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South Asian Diaspora in the U.S.

Population trends in the United States validate the growing influence of Indian Americans

by Khaled Ahmed

Foreign Minister Shah Mahmood Qureshi, left, with U.S. Secretary of State Antony Blinken in 2021

Mohammad Badrul Alam, writing in Islamabad-based quarterly World Affairs in 2018 described the Indian-American community as one of many ethnic communities that have become increasingly visible in the last four decades. Noting that Indian migration to the U.S. began as early as 1895, he said the movement was a trickle until the passage of the 1965 immigration legislation.

While the figures are 5 years old, they foretell a trend that continues to date, becoming the focus of research by several scholars. As a percentage, Indian-Americans tend to be higher-educated than other ethnic groups, wealthier and more eager to assimilate. The 2010 U.S. census recorded 2,843,391 Indian Americans out of a national population of 281,421,906, showing a 105.87 percent growth rate compared to 48.26 percent of Asian Americans. According to the census, Indian Americans represented 0.9 percent of the U.S. population, while Asian Americans recorded at 10,242,998 constituted 3.6 percent. Of the overall Asian community in the U.S., Indian Americans were the second largest constituency at 4 percent, just below the 5 percent of Chinese Americans and roughly equal to the Filipino American community.

Indian professions

Per the census, Indian Americans constitute 3.1 percent of the nation’s engineers; 7.1 percent of information and technology workers; and 8 percent of physicians and surgeons. Approximately 69 percent of Indian Americans have college degrees, with a median income of $83,000 compared to $55,000 of White Americans. Around 19.9 percent of Indian Americans reside in California, followed by 11.4 percent in New Jersey; 9.5 percent in New York; 8.1 percent in Texas; and 7.6 percent in Illinois. Indian Americans also have the highest English language proficiency among Asian Americans at 76.9 percent, followed by 72.8 percent Japanese Americans; 50.4 percent Chinese Americans; and 49.5 percent Korean Americans.

The per capita income of Indian Americans is estimated at $60,093 compared to the national average of $38,885. There are 200,000 Indian American millionaires, with data from the 2013 American Community Survey showing 40.6 percent of Indian Americans 25-and-older hold graduate or professional degrees; 32.3 percent bachelor’s degrees; and 10.4 percent have some college education.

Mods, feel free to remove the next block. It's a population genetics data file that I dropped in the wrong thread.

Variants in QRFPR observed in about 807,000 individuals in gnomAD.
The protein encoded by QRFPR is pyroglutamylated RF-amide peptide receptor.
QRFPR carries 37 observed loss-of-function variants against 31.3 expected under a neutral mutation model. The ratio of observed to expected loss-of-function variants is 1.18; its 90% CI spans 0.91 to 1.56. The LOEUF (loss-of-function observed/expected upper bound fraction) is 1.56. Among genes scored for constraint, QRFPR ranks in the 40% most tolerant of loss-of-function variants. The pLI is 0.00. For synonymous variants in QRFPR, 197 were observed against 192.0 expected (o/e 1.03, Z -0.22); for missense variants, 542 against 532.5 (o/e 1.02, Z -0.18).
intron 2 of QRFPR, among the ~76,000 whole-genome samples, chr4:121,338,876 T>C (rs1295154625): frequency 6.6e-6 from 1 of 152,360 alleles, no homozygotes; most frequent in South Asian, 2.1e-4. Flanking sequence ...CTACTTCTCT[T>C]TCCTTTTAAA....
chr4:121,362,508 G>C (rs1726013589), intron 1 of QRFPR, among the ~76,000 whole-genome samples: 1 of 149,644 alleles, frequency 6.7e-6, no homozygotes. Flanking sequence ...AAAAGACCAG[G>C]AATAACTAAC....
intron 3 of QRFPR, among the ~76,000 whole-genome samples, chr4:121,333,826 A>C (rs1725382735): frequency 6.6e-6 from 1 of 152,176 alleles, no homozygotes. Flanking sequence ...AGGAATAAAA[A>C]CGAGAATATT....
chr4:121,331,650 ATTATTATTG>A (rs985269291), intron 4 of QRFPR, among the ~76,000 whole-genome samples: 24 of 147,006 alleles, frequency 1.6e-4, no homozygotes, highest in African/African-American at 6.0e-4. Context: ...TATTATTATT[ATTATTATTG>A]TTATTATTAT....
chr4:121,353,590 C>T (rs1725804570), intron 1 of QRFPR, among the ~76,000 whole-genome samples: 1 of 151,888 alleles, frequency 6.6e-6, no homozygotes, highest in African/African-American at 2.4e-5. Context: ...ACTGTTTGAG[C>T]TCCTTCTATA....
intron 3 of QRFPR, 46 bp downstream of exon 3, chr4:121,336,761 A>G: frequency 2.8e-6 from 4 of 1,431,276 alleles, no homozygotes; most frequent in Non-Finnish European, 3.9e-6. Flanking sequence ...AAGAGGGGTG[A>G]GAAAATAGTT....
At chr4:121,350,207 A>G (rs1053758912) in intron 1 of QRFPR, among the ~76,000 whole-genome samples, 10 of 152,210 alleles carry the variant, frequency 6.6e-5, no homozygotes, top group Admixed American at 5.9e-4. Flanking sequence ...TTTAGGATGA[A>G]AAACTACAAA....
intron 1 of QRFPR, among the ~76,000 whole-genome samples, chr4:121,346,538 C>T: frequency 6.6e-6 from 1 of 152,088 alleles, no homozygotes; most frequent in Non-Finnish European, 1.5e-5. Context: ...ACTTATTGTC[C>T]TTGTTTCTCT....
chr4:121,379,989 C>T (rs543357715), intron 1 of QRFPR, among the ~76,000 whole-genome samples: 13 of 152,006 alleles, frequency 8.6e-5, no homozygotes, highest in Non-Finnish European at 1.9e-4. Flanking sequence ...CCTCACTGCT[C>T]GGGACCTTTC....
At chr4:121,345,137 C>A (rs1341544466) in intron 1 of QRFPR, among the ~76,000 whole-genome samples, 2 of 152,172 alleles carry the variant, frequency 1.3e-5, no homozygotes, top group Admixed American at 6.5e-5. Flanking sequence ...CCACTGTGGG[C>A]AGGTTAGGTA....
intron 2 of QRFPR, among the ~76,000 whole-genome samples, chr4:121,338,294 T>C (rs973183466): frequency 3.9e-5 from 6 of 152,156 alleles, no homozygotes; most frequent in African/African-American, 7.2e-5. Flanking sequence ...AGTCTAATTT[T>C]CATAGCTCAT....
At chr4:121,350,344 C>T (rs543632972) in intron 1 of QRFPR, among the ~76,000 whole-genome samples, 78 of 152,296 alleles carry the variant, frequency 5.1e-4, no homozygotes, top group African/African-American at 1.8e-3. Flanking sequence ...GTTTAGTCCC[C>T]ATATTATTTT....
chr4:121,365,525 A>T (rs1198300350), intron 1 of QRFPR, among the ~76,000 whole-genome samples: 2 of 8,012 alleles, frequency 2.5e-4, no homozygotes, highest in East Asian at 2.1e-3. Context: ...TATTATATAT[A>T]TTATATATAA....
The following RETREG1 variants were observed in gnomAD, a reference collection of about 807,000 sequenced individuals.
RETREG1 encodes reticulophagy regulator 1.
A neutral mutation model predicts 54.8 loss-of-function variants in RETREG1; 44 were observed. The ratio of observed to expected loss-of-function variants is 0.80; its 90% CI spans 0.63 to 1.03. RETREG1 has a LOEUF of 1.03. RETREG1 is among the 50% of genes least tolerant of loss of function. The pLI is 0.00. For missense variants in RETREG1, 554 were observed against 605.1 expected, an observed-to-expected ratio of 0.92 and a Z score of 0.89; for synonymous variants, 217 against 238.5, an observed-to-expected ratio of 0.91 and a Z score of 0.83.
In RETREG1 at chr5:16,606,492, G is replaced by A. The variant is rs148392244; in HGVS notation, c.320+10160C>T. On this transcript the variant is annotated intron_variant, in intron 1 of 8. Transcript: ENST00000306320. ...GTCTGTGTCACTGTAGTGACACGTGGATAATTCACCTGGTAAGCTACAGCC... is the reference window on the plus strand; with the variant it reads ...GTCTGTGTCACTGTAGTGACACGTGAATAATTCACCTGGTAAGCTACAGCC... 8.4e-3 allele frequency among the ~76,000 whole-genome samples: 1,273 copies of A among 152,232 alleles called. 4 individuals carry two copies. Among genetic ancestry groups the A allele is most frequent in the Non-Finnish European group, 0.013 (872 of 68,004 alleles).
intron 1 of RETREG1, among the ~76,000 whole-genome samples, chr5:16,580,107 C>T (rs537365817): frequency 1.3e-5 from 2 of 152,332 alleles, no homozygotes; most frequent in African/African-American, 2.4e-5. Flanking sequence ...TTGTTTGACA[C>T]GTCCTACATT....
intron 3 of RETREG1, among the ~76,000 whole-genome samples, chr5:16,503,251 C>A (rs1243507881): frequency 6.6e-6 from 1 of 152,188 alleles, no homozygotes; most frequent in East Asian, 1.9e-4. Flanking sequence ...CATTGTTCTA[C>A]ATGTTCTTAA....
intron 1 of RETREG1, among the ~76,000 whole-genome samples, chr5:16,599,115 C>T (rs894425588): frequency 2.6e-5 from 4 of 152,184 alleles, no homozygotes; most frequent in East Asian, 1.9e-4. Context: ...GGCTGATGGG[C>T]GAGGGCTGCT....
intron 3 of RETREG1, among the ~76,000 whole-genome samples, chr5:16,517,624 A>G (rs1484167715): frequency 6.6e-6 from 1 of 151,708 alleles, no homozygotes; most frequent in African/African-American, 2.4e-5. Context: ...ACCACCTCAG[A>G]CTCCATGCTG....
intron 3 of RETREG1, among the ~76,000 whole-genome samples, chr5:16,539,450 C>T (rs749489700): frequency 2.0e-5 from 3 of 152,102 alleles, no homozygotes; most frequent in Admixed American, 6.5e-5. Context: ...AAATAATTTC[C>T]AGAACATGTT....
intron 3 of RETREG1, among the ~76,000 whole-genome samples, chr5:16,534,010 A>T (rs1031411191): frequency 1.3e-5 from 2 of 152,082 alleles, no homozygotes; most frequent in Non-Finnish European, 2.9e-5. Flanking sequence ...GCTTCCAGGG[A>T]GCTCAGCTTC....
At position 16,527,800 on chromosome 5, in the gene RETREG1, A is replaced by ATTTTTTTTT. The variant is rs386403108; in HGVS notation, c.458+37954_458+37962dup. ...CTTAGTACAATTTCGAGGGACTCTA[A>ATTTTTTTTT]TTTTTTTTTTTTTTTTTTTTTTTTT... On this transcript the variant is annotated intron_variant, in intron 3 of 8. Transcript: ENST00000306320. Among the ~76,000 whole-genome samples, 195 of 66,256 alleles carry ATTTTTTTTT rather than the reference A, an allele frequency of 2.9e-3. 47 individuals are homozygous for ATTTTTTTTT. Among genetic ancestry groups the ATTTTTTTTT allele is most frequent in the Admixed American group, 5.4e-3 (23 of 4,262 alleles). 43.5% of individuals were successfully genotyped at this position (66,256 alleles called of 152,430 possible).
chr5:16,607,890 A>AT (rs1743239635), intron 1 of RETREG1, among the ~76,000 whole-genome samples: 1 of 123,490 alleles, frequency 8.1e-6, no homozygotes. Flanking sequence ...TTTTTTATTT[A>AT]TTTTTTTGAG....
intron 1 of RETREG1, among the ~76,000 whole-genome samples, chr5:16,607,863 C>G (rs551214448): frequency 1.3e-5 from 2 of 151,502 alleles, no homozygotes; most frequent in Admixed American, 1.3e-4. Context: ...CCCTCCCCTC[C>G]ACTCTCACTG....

Approximately 43.6 percent of Indian Americans are employed as managers or professionals, while there are also 35,000 Indian American physicians and 100,000 employees of high-tech industries. Fifteen percent of Silicon Valley start-ups are owned by Indian Americans. Over 5,000 Indian Americans are employed as faculty at American universities, while 74,603 Indians are studying in the U.S.—the largest group of foreign residents in the country.

Pakistanis in the U.S.

Much like Indians, Pakistanis also consider the U.S. as an attractive destination for emigration, with the country the fifth-most common destination country for Pakistan-born migrants and the sixth-largest source of remittances to Pakistan. In 2012, Pakistani Americans remitted $1.1 billion, with the bulk of the remaining $14 billion—6.1 percent of the country’s GDP—coming from Saudi Arabia, India, and the U.A.E.

Approximately 453,000 Pakistani immigrants and their children live in the United States, with Pakistan-born individuals accounting for about 0.8 percent of America’s total foreign-born population. This is in contrast to as estimated 30,000 immigrants in 1980. The majority of the Pakistan-born population arrived in the United States before 2000, with 63 percent of all Pakistani immigrants holding U.S. citizenship, giving them the third-highest naturalization rate of the 15 groups studied in the Rockefeller Foundation-Aspen Institute Diaspora Program series.